Cesnola’s gift inspired a spate of subsequent donations, excavations, and acquisitions in Beirut, culminating in the official opening of the Archaeological Museum in 1902. The sandstone-colored building, known as Post Hall, looks to this day like a comic-book version of a small Crusader castle. It closed during World War II; Lebanon and Syria being under French mandate, they were pulled into the war as proxies, alongside Iraq, Palestine, Cyprus, and Greece, as Allied forces fought the Germans, Italians, and Vichy French from ports, roads, and airstrips giving access to the Middle East. Lebanon won its independence in 1943, and the museum reactivated its program after that. In a city with few such institutions to begin with, it was the only museum to remain open throughout Lebanon’s own long and bitter civil war. (The National Museum, situated on one of the major crossing points between East and West Beirut, was rather famously besieged during the conflict, as militias moved in and a handful of brave conservators packed the museum’s ancient mosaics and sarcophagi in concrete.) After the war, AUB began the slow, painstaking process of renovating and updating the museum, section by chronological section. By 2006, the building had been overhauled from the inside out. It reopened in June. A month later, the war between Israel and Hezbollah began.
Owing, perhaps, to the tumult of its recent history, the inauguration of the newly rehabilitated Islamic section—the last in the museum’s historical sequence—was sincere but subdued. John Carswell, the archaeologist who had determined the origins of the Jerusalem fragments in the 1950s, gave a talk on the Dome of the Rock. Carswell, who is British, had been a professor at AUB for twenty years, beginning in 1956. He was never attached to the department of archaeology, however, but rather to the department of fine arts, which was established in 1955, when the university recruited a handful of professors from the Art Institute of Chicago to bring the Bauhaus to Beirut, and to break the Beaux Arts style of arts education so prevalent in Lebanon’s French-speaking universities and faculties. (Some years later a protégé of Mies van der Rohe was hired to run AUB’s architecture department.)
On the same February evening that Carswell was giving his lecture at the Archaeological Museum, an exhibition of his curvy white sculptures from the 1960s, unknown until now, was just ending a three-month-long run at AUB’s contemporary art galleries. The show, titled Trans-Oriental Monochrome and curated by Octavian Esanu, had struggled, impressively, to unpack Carswell’s art and life, a dense composite of so many different materials, times, places, and things. For much of his career, Carswell’s hero was the fourteenth-century traveler Ibn Battuta. His art resembles the architecture of Oscar Niemeyer. To this day, he does not fit into any of the existing narratives that his work might otherwise enrich. The monochrome, as Esanu notes, has so far been discussed solely in the context of European and American art. No one has tackled the monochrome in the Middle East. When the story of modern art (and the language of abstraction) is altered, doubled, or expanded to accommodate the groundbreaking work of, say, Lygia Pape in Brazil, Nasreen Mohamedi in India, or Saloua Raouda Choucair in Lebanon, the necessary task is to consider the work of local artists overlooked or ignored by Western narratives. No one knows what to do with a man such as Carswell, a foreigner, assumed to be a man of privilege, who traveled east and stayed for a time but did not make Beirut his home.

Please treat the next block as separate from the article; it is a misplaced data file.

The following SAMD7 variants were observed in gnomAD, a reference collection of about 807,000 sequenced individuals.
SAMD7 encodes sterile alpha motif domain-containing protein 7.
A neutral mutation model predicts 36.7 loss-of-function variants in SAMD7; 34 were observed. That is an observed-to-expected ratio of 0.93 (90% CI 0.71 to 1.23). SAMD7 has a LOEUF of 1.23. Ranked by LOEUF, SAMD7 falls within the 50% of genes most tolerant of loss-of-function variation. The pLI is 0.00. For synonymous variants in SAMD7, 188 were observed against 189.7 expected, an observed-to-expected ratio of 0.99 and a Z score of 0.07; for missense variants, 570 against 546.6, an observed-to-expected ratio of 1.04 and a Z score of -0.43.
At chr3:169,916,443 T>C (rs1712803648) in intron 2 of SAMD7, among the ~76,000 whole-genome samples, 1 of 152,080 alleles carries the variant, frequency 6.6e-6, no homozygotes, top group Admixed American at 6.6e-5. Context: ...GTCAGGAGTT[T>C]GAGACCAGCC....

Carswell went to art school, but he learned to draw on archaeological digs in Jericho, Athens, Crete, Sinai, Wadi Rum, southern Turkey, and on Jordan’s border with Saudi Arabia. He arrived in the region by steamer, a young man in love with Matisse. He took a taxi from Beirut to Damascus and then down through Jordan to Palestine. His movements mapped out a world of intrepid travel that is lost to us today. Like anyone now, Carswell was traveling at a time when Lebanon and Syria were technically at war with Israel, but he was making the trip before the war of 1967 and the occupations of the West Bank and Golan Heights; he also came before the peace deals with Jordan and Egypt, and before the first and second intifadas. In the midst of Syria’s current catastrophic civil war, it has been for the past four years too dangerous to cross from Beirut to the Bekaa and across the mountains to Damascus, a hundred-kilometer trip that once took an hour but now might cost you your life. Further, to cross into Israel from Jordan with the stamps of Arab states in your passport is a grueling affair that often ends in being turned away.
Carswell served as chair of AUB’s art department several times in the 1960s, a decade when it championed formal experimentation, critical inquiry, and—oddly enough, given the levels of pollution in Beirut today—environmental activism. He spent one fevered summer making most of the sculptures and paintings that were included in Trans-Oriental Monochrome, working in the studios of Nicely Hall, a building where I once studied and now teach. Like most of the university’s foreign faculty, Carswell left Lebanon at the start of the civil war. The art department closed down a year later, in 1976 (and remained so until 2006). He returned for a visit in the early 1990s, after the last chapters of the civil war had come to a close. “I happen to think there is a future in the past,” he said at the time, “and perhaps it would be a good idea to document that past and ponder on its implications for a new Beirut.”
A new Beirut but also an old one, among other aged cities that I love for obvious but also dubious reasons, including Istanbul, Sarajevo, Cairo, Alexandria, Tunis, Casablanca, and Algiers. Many of them have been destroyed at various points by war, famine, earthquake, and fire. Most of them I loved through books and films before I ever experienced them firsthand. All of them I traveled to ostensibly for work, my interest being the development of contemporary art practices in relation to complicated histories of violence, conflict, and trauma. To study that subject in a sustained way is to return again and again to the questions: What does contemporary art do, and how, and why, and for whom? What does it mean for the lives of these cities? And if contemporary art addresses simultaneously the past, present, and future of a single place, does it still make sense to call it contemporary art, or does it deserve another name? Would it be liberating to think of it as something else, somewhere else in time?